Adolfsson’s activities this semester include an independent study in which she is working to develop an assessment tool for use in Sweden based on the ICF-CY. She also is auditing three graduate courses: one on families and teams; one on early childhood, intervention and literacy; and one on using SPSS (Statistical Package for the Social Sciences) to interpret data from schools. For her language and culture requirement, Adolfsson is taking a course for international graduate students on communicating in the American classroom.   

In addition, she is completing a field placement at the Family Support Network, housed in the Carolina Institute for Developmental Disabilities in the UNC-Chapel Hill School of Medicine, under the direction of Clinical Professor Irene Zipper. 

Adolfsson says she has found Carolina to be a place of hospitality. “UNC is a large university with many students. It has a very welcoming atmosphere,” she said. “It’s very easy to ask people for support and help, and everyone says, ‘Yes!’ I have had many good experiences already. It is very special to have this opportunity.”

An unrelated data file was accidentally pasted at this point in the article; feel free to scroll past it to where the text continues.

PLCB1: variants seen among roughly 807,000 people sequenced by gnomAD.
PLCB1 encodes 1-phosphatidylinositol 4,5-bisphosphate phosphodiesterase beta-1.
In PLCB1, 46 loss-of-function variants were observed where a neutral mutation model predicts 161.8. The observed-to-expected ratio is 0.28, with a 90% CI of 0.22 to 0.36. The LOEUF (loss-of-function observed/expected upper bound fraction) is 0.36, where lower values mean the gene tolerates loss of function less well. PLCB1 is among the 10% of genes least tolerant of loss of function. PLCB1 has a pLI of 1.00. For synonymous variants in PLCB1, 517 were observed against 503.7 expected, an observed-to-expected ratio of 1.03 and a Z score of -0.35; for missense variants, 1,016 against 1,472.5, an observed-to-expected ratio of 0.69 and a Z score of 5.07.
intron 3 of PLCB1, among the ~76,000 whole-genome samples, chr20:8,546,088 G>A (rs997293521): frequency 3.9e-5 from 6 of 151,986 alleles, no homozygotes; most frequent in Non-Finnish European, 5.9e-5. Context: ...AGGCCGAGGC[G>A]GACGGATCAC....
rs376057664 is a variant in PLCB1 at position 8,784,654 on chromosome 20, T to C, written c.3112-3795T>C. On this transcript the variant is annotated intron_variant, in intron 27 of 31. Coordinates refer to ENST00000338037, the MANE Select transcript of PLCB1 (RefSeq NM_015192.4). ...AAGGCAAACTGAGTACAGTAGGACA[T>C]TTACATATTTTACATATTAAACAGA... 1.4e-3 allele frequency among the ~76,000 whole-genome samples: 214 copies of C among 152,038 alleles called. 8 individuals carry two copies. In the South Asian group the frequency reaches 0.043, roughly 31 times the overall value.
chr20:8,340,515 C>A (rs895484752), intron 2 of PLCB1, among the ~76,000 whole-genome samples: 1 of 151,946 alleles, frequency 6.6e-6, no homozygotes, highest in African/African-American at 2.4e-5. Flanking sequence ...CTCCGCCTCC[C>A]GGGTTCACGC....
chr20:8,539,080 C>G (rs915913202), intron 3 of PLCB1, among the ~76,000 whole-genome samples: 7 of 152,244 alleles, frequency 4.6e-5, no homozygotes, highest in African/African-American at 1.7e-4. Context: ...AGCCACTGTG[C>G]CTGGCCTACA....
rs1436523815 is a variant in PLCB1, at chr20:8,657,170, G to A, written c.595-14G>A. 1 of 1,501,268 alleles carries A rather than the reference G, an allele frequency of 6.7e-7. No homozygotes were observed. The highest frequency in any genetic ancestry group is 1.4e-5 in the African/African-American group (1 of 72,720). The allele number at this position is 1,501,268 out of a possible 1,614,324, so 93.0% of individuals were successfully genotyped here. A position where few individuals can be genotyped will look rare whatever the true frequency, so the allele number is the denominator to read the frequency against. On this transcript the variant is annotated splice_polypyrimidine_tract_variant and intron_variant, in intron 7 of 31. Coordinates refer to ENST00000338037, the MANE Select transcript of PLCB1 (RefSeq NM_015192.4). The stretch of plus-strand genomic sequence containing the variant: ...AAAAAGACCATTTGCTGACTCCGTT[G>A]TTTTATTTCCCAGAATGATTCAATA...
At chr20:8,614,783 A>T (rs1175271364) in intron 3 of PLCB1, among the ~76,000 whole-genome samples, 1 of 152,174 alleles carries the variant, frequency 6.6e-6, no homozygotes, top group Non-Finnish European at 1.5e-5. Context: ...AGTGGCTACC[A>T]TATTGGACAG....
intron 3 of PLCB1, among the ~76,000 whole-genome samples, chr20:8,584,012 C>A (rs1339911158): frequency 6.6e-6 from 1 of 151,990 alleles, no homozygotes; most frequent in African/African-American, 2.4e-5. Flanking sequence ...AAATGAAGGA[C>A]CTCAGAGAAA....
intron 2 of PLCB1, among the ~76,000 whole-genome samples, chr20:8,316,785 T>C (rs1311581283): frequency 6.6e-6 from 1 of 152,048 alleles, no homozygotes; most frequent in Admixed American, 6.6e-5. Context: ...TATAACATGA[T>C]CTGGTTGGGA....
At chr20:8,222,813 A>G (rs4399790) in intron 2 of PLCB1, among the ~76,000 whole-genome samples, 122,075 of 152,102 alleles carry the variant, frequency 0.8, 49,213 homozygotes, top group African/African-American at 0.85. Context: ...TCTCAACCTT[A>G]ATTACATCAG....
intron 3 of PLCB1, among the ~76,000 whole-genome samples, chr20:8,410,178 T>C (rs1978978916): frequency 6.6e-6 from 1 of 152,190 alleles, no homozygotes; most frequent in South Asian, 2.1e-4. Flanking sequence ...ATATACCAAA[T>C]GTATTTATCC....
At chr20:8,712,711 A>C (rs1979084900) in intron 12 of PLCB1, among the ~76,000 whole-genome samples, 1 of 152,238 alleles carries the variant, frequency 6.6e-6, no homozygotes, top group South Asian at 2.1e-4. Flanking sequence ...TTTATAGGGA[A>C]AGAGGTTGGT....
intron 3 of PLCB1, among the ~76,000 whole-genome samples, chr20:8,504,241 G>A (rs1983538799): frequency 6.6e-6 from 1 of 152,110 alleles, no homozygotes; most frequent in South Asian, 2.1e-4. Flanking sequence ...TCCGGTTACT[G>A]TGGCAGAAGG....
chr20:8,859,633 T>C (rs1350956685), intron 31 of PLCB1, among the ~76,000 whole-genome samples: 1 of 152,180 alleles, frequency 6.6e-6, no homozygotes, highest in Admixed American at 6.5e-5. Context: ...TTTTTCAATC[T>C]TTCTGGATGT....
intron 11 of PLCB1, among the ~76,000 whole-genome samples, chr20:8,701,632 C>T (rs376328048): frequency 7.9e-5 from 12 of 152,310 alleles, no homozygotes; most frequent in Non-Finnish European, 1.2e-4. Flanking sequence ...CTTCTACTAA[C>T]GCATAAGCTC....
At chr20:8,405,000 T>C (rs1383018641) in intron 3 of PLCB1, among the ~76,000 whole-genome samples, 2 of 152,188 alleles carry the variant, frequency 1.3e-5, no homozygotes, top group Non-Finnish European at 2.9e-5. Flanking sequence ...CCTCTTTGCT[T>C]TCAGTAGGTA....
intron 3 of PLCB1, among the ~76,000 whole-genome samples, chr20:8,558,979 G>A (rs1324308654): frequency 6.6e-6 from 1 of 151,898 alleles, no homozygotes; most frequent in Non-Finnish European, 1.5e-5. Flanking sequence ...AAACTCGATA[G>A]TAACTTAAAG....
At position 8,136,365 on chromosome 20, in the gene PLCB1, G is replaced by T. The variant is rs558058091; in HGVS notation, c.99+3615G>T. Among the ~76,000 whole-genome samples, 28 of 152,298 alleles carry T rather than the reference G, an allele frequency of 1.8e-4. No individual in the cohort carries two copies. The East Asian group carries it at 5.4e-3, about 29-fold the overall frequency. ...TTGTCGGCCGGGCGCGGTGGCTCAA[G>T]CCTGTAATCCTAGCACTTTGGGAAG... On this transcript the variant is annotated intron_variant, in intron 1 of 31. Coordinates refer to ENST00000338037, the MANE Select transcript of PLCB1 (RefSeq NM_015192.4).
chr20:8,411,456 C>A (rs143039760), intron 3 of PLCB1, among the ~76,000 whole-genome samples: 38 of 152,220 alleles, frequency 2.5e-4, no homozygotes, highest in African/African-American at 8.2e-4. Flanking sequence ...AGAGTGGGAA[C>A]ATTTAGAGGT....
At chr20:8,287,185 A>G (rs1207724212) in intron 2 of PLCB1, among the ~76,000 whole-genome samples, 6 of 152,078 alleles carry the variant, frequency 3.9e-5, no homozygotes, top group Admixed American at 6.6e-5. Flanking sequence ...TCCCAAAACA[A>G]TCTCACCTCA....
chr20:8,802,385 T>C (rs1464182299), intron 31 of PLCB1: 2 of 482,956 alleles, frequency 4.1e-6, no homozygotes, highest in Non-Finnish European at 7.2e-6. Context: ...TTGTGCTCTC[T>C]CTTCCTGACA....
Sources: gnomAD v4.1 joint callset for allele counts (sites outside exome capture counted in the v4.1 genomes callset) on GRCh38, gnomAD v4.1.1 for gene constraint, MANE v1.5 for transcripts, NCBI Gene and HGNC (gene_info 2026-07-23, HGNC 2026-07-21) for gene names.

Subsequent to her work here, Adolfsson hopes to implement the newly developed assessment tool in Sweden and educate habilitation professionals there on how to use it. “I think it’s very important to go on implementing the ICF-CY in services for children and youth in Sweden. That’s my mission, in a way,” she said.

“I want to do the research and develop methods to make life better for children and their families. The important thing is to find a way for everyone to ask children about their wishes, to encourage their participation, to find out what their own goals are before the professionals set goals for them. That is what the classification offers us ─ a method to do that.”